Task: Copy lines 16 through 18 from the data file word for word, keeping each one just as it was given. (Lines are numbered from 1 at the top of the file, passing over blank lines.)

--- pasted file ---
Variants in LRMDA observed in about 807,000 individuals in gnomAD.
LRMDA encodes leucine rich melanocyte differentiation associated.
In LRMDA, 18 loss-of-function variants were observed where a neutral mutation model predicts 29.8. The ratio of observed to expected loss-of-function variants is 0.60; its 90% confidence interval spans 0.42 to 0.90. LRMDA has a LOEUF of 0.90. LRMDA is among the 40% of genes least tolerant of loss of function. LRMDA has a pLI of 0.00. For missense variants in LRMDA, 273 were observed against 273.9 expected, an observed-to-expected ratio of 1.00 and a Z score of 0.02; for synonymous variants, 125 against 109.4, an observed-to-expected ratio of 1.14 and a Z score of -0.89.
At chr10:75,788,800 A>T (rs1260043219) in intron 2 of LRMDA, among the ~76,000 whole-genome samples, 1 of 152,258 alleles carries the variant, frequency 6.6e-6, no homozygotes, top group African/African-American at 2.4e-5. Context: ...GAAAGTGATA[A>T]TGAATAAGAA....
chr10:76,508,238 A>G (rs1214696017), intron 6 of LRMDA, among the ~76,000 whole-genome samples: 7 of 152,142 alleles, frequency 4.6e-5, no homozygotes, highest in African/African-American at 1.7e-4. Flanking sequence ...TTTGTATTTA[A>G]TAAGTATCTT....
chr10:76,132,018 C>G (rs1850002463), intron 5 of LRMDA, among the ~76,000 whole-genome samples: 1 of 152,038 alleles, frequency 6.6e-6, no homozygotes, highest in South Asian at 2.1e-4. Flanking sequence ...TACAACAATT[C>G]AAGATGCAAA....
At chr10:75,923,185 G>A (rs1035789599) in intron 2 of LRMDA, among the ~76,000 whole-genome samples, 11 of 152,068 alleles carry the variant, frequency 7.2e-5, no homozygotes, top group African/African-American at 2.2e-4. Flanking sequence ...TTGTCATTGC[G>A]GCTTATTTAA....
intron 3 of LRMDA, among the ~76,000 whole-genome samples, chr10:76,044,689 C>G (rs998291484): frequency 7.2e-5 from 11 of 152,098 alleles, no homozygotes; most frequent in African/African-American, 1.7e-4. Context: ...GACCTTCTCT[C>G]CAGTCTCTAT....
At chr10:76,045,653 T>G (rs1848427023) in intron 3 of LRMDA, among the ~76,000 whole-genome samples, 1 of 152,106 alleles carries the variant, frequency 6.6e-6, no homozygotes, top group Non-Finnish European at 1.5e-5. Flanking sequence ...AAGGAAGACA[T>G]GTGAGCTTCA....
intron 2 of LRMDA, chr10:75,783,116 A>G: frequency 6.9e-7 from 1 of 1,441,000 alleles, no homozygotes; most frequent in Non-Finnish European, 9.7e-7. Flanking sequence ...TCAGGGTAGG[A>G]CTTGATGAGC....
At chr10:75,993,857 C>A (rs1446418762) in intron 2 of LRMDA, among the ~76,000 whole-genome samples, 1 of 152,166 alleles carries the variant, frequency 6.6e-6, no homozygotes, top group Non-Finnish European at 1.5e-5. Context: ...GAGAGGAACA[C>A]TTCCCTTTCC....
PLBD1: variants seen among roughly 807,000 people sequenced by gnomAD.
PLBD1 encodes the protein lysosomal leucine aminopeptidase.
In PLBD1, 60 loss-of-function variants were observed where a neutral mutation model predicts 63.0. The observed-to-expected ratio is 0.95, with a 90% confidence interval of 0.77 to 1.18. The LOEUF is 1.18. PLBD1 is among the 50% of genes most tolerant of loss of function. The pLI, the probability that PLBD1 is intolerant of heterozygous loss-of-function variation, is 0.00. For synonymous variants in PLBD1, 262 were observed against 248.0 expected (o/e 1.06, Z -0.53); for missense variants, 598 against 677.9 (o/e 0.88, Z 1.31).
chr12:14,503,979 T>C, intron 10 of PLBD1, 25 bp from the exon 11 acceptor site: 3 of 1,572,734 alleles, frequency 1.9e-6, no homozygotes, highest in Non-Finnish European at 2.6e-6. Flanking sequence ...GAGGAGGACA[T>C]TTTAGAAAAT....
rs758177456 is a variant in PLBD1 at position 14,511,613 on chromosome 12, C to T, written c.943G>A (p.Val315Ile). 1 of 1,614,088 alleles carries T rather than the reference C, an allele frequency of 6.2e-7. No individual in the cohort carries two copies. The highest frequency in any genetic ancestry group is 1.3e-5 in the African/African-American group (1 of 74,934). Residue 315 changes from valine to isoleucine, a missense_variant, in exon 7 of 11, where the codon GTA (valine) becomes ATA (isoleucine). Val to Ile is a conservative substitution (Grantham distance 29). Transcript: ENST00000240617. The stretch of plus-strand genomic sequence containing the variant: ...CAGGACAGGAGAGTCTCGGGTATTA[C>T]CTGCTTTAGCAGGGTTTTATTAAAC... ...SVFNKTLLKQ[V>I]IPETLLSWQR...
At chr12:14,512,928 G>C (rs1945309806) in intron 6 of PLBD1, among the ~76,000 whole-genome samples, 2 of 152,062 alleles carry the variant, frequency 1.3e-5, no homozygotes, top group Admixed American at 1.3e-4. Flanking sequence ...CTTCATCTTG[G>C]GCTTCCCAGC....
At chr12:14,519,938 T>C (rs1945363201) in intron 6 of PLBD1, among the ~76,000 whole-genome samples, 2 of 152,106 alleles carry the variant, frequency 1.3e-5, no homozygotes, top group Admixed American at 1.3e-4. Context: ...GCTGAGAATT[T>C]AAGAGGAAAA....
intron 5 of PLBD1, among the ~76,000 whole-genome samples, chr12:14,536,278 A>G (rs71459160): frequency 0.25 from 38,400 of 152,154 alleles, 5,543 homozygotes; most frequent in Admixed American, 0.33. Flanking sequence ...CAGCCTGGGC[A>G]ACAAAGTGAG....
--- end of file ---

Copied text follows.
rs758177456 is a variant in PLBD1 at position 14,511,613 on chromosome 12, C to T, written c.943G>A (p.Val315Ile). 1 of 1,614,088 alleles carries T rather than the reference C, an allele frequency of 6.2e-7. No individual in the cohort carries two copies. The highest frequency in any genetic ancestry group is 1.3e-5 in the African/African-American group (1 of 74,934). Residue 315 changes from valine to isoleucine, a missense_variant, in exon 7 of 11, where the codon GTA (valine) becomes ATA (isoleucine). Val to Ile is a conservative substitution (Grantham distance 29). Transcript: ENST00000240617. The stretch of plus-strand genomic sequence containing the variant: ...CAGGACAGGAGAGTCTCGGGTATTA[C>T]CTGCTTTAGCAGGGTTTTATTAAAC... ...SVFNKTLLKQ[V>I]IPETLLSWQR...
At chr12:14,512,928 G>C (rs1945309806) in intron 6 of PLBD1, among the ~76,000 whole-genome samples, 2 of 152,062 alleles carry the variant, frequency 1.3e-5, no homozygotes, top group Admixed American at 1.3e-4. Flanking sequence ...CTTCATCTTG[G>C]GCTTCCCAGC....
At chr12:14,519,938 T>C (rs1945363201) in intron 6 of PLBD1, among the ~76,000 whole-genome samples, 2 of 152,106 alleles carry the variant, frequency 1.3e-5, no homozygotes, top group Admixed American at 1.3e-4. Context: ...GCTGAGAATT[T>C]AAGAGGAAAA....